Health Canada is sticking to its compliance deadline of Jan. 1, 2019, for devicemakers selling products in Canada to transition to the Medical Device Single Audit Program, but it is making adjustments to help manufacturers comply.
The regulator said it would not take enforcement action if manufacturers have undergone a MDSAP audit by Dec. 31, 2018. The modifications to the transition process were made due to industry comments around scheduling MDSAP audits and the requirement to have a MDSAP certificate by the Dec. 31 deadline.
The agency said it recognizes that some manufacturers are facing challenges in scheduling MDSAP audits in 2018, and may not be issued their MDSAP certificate by Dec. 31, 2018 as there is often a delay between the timing of the audit and the issuance of the certificate.
Device manufacturers that underwent an initial recertification audit to ISO 13485 under CMDCAS will be allowed to transition into the MDSAP during the surveillance audit process, which will allow manufacturers to maintain their existing certification cycles.
Although manufacturers that transition to MDSAP during a surveillance audit won’t receive a MDSAP certificate in 2018, they will be able to continue selling their devices until they receive the certificates.
The regulator clarified that devicemakers transitioning to MDSAP during a surveillance audit will need to show:
Health Canada is working with auditing organizations and is monitoring the transition to mitigate the impact of potential auditor resource shortages. It said most AOs are not seeing difficulty in meeting the MDSAP transition deadline. The biggest challenge is getting manufacturers to agree to schedule their MDSAP audits soon enough to complete the process before the transition deadline (IDDM, Feb. 23).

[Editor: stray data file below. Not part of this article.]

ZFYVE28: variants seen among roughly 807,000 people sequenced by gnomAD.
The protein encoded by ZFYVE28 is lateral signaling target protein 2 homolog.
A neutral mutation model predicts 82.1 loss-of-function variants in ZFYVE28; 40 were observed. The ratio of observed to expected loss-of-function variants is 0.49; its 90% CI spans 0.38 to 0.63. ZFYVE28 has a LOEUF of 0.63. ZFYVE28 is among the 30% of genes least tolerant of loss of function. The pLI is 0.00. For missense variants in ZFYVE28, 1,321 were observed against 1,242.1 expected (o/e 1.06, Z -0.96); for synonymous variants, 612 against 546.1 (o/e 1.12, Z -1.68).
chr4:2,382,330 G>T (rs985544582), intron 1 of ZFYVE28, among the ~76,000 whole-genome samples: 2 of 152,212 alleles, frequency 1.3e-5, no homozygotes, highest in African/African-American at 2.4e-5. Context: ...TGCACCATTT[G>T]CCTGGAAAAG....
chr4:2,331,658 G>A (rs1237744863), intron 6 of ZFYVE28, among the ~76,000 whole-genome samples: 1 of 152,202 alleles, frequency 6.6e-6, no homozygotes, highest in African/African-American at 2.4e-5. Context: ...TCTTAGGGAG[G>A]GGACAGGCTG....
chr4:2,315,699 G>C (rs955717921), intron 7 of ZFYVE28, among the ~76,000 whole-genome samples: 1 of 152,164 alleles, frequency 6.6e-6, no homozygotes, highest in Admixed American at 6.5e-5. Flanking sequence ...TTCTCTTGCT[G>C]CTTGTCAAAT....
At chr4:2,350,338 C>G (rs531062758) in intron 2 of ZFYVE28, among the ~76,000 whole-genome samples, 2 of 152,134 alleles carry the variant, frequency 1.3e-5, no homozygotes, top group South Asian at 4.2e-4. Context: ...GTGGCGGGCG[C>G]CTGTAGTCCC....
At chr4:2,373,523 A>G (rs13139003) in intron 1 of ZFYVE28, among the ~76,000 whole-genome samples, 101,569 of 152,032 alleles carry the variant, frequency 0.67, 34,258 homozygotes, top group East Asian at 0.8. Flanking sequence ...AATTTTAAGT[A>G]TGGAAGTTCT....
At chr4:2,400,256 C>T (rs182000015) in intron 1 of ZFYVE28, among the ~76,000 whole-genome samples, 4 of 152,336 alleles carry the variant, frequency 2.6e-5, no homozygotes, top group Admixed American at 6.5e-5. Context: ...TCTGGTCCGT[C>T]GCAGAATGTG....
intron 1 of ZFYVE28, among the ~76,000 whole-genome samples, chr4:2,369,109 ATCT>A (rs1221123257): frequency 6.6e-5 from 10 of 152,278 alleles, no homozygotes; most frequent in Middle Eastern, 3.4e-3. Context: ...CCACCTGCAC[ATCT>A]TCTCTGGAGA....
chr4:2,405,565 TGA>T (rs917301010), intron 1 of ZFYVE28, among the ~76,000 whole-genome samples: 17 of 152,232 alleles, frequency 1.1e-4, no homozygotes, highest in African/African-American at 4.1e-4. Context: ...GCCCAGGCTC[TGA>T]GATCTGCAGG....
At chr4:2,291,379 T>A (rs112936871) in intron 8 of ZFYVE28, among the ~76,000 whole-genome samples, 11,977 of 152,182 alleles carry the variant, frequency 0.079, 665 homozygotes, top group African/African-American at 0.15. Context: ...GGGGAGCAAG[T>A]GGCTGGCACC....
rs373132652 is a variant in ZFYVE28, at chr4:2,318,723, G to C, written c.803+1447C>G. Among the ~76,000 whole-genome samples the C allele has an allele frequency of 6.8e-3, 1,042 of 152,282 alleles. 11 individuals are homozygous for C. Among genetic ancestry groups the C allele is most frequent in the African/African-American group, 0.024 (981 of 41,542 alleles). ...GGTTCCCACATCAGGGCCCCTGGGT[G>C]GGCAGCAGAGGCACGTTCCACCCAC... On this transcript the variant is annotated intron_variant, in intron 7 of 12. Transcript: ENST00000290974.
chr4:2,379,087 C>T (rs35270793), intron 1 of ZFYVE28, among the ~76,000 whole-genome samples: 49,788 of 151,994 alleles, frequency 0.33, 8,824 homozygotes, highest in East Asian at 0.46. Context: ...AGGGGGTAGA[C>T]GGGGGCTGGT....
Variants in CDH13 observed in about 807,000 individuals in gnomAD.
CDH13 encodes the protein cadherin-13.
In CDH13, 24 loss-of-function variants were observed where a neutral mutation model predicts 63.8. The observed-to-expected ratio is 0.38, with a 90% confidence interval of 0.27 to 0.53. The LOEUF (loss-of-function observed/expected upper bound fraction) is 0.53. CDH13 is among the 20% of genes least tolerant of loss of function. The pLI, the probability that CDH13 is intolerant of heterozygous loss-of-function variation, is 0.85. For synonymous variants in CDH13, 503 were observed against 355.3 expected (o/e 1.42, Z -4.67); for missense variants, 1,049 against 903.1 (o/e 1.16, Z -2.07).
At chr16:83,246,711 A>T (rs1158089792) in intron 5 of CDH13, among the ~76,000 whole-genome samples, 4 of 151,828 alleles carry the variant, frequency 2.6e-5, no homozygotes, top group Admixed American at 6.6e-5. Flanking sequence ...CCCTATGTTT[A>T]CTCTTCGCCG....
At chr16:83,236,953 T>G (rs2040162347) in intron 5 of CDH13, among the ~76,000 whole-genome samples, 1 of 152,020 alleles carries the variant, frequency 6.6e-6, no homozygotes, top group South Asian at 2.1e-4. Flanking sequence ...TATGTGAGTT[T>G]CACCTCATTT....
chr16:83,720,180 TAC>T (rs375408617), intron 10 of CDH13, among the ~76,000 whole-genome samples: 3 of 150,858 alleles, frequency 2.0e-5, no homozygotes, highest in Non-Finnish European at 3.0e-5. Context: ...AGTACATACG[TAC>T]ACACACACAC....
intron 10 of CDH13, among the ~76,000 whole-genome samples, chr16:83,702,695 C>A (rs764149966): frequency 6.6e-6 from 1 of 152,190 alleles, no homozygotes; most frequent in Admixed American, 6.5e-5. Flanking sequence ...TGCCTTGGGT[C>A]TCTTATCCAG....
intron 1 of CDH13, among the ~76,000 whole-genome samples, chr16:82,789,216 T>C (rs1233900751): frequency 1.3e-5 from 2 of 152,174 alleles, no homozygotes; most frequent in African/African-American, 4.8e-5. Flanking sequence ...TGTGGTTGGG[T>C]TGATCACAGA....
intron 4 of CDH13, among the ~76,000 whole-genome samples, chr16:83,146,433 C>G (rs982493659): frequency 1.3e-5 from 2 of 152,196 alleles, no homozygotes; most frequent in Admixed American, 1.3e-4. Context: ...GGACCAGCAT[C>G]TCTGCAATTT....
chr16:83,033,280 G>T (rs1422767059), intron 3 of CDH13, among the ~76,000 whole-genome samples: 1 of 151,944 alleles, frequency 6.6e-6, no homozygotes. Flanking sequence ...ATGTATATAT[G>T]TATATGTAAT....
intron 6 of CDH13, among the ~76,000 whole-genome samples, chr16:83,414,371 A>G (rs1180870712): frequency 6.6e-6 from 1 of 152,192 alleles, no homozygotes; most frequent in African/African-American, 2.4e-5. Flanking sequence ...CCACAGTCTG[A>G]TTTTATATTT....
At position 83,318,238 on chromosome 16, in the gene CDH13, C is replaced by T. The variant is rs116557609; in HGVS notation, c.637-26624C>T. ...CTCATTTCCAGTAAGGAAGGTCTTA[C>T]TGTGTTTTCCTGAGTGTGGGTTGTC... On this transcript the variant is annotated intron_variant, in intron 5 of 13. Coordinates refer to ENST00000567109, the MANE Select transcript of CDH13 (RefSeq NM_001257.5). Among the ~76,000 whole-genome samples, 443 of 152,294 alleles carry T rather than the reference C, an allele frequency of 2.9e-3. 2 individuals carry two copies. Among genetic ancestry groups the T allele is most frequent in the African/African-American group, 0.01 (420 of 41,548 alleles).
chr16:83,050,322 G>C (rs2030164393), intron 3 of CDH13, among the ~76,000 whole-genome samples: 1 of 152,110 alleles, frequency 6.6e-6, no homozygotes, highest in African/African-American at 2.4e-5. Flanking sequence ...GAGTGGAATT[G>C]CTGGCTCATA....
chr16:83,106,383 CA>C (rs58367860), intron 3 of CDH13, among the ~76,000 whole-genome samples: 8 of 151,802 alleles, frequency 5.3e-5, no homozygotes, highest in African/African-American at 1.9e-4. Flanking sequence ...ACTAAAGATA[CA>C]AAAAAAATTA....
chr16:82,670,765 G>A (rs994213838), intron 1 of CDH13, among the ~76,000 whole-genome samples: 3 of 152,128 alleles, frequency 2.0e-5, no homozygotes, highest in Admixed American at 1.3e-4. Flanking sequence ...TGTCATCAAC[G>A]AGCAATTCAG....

Increased Post-Market Surveillance
Health Canada is planning on ramping up its post-market surveillance program by providing the Minister of Health with additional authority to request analytical reports from manufacturers when there is “suspicion of a safety concern with a medical device and set out conditions under which the authority would be used.”
The authority would enable the health minister to request the information that was used to create the analytical issue report and “any other information in the manufacturer’s possession deemed necessary to assess the safety of a medical device,” Health Canada said.
Other proposed regulations would provide the authority to compel manufacturers to conduct reassessments and to require tests and studies.
More information will be forthcoming, and guidance will be made available for industry to comment on the proposal.
In addition, Health Canada is establishing a new division within the Medical Devices Bureau to allow for more targeted reviews of digital health technologies to better adapt to rapidly changing technologies and respond to these faster innovation cycles.
The new Digital Health Review Division will focus on wireless medical devices, mobile medical apps, telemedicine, software as a medical device, artificial intelligence, cybersecurity, and medical device interoperability.